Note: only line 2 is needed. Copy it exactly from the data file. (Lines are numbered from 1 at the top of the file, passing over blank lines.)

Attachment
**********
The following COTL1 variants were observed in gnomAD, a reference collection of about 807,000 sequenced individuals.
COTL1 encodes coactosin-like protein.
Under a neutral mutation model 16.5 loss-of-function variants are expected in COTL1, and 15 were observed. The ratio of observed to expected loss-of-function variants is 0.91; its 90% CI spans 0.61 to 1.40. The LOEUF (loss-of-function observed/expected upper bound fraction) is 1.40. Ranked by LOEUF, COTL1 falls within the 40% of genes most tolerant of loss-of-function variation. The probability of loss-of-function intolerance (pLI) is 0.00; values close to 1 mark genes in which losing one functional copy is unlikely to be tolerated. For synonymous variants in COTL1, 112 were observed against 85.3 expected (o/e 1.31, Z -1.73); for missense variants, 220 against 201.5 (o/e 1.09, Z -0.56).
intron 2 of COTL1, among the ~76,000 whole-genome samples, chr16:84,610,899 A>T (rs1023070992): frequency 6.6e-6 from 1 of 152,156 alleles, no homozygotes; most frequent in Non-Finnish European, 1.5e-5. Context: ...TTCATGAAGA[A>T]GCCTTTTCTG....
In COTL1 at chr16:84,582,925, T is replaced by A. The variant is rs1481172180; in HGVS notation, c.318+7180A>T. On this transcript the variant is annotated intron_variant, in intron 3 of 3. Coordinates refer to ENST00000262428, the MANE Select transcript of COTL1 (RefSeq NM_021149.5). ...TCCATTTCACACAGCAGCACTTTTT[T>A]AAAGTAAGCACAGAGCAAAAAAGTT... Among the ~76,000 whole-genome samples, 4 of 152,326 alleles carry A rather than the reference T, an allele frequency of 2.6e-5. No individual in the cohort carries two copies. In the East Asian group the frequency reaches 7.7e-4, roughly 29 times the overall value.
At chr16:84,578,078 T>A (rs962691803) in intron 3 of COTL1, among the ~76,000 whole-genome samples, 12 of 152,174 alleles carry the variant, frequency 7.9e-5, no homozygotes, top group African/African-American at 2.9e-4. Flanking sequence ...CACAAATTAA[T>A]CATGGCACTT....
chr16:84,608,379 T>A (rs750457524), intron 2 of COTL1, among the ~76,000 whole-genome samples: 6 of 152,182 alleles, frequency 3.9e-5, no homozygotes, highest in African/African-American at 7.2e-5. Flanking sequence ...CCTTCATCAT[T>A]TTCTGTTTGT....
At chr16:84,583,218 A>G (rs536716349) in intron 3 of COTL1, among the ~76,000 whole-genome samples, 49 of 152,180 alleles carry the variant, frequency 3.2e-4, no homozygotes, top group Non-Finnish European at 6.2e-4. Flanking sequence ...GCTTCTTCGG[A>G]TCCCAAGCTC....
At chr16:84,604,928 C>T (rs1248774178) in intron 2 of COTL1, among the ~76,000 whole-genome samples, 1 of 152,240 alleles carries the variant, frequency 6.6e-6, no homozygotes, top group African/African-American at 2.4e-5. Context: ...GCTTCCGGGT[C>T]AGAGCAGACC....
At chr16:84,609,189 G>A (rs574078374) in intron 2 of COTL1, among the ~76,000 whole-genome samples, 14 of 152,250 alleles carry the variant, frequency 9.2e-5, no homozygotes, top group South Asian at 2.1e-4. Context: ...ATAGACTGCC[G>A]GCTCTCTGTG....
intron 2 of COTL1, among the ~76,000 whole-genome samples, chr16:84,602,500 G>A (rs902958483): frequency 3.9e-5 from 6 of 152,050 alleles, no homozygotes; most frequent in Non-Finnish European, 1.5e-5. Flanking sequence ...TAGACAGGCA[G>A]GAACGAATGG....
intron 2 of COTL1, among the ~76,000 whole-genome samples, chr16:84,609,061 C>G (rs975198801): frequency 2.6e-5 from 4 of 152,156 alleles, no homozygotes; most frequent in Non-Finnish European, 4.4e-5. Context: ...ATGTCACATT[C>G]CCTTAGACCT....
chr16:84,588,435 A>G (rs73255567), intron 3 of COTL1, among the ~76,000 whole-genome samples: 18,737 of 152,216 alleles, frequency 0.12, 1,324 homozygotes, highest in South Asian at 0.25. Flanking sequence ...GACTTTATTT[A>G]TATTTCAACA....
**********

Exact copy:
COTL1 encodes coactosin-like protein.